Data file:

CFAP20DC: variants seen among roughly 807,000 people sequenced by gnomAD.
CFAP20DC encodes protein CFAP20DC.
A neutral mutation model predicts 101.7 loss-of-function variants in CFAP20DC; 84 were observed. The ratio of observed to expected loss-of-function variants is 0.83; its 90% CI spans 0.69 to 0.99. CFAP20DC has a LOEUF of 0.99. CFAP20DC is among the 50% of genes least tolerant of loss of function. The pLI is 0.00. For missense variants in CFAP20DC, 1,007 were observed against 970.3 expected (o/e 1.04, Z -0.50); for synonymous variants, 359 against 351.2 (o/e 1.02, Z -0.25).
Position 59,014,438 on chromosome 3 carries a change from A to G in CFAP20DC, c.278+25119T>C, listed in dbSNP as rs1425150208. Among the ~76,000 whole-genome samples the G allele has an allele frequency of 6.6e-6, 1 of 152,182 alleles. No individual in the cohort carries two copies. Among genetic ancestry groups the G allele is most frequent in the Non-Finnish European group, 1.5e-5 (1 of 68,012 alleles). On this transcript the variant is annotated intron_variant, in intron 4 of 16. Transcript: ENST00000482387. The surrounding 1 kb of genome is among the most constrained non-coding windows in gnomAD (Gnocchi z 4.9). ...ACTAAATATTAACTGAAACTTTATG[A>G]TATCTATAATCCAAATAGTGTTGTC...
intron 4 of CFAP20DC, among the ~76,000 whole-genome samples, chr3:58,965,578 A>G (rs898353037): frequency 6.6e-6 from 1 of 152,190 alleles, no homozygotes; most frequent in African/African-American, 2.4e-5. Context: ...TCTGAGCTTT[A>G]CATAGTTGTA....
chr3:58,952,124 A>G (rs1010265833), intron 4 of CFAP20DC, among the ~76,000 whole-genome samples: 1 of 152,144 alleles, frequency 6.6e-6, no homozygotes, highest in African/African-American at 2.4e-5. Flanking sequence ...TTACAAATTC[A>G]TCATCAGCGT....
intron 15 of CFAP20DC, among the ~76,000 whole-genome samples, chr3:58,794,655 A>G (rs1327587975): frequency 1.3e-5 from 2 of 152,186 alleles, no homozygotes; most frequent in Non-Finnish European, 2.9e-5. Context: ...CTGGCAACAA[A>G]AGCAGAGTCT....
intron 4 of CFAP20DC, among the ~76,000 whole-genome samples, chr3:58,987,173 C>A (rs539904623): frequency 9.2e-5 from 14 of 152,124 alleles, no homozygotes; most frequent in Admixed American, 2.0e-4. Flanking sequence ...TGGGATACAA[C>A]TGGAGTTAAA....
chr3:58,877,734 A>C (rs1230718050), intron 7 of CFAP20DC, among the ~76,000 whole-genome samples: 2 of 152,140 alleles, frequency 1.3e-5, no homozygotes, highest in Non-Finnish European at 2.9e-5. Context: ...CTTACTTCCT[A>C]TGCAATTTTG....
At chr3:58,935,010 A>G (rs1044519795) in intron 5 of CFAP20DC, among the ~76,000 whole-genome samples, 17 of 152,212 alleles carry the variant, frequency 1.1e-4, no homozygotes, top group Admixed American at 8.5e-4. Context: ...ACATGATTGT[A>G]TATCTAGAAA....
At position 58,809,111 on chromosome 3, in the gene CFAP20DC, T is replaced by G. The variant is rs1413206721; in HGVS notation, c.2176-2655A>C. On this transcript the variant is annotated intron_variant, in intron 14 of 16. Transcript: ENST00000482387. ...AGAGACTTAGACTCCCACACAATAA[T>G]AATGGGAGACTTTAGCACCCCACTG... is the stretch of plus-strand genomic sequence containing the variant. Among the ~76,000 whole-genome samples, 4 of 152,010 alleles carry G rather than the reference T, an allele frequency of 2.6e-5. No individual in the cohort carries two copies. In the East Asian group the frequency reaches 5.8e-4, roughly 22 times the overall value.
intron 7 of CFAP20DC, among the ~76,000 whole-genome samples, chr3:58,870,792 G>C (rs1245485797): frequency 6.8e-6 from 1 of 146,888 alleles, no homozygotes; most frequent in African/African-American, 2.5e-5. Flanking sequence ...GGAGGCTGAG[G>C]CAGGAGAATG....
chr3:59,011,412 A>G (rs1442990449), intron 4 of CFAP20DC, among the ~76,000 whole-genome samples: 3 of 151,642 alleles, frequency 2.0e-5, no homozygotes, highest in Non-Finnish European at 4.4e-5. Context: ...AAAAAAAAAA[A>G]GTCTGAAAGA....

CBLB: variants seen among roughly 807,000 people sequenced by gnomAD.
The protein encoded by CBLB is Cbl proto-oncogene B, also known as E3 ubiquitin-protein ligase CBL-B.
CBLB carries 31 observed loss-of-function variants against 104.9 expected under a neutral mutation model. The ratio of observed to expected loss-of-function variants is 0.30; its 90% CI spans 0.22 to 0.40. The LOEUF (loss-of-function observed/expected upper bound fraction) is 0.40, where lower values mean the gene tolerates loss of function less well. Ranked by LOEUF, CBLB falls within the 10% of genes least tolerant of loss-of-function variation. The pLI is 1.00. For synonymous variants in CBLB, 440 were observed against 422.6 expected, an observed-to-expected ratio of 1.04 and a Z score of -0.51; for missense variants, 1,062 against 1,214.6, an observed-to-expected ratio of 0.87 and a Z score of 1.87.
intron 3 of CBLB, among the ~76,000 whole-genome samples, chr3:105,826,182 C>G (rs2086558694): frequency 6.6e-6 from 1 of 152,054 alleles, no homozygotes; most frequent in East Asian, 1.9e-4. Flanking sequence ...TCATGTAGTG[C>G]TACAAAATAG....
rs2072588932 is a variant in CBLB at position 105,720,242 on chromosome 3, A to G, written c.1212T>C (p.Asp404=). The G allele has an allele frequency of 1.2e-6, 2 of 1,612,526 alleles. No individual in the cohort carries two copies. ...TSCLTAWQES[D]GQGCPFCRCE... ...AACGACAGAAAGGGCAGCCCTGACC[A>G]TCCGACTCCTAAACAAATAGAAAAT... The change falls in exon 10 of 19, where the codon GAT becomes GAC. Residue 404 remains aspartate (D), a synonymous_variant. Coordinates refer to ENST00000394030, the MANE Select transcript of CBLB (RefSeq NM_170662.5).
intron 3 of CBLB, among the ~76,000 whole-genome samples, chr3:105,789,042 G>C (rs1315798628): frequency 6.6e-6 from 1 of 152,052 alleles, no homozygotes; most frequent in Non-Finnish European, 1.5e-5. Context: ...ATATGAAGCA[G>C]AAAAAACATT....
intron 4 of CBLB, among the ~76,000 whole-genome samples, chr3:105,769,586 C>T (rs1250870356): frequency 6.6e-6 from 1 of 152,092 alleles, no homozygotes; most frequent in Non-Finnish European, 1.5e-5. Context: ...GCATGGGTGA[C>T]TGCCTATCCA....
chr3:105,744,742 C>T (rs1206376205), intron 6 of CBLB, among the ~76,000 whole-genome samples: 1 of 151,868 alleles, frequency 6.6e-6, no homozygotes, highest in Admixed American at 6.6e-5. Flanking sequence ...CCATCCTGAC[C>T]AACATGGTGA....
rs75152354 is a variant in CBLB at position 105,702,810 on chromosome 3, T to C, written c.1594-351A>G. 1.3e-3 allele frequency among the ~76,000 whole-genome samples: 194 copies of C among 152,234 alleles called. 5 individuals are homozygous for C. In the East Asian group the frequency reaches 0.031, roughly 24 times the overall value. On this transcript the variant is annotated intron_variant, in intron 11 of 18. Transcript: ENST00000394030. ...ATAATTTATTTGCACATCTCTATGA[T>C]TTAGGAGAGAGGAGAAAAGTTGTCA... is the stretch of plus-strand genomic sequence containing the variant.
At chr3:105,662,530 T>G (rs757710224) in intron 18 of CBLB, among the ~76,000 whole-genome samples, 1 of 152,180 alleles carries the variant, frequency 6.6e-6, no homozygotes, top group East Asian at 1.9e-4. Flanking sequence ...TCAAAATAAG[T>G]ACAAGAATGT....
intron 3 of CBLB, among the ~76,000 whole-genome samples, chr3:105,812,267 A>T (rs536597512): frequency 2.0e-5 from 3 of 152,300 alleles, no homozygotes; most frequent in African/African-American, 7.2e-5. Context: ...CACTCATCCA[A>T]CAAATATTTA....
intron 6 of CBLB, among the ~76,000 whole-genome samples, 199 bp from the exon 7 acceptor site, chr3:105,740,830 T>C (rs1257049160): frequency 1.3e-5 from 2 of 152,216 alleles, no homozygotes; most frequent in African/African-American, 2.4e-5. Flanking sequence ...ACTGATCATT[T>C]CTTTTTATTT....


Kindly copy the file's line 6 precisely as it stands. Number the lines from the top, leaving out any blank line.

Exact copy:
chr3:58,952,124 A>G (rs1010265833), intron 4 of CFAP20DC, among the ~76,000 whole-genome samples: 1 of 152,144 alleles, frequency 6.6e-6, no homozygotes, highest in African/African-American at 2.4e-5. Flanking sequence ...TTACAAATTC[A>G]TCATCAGCGT....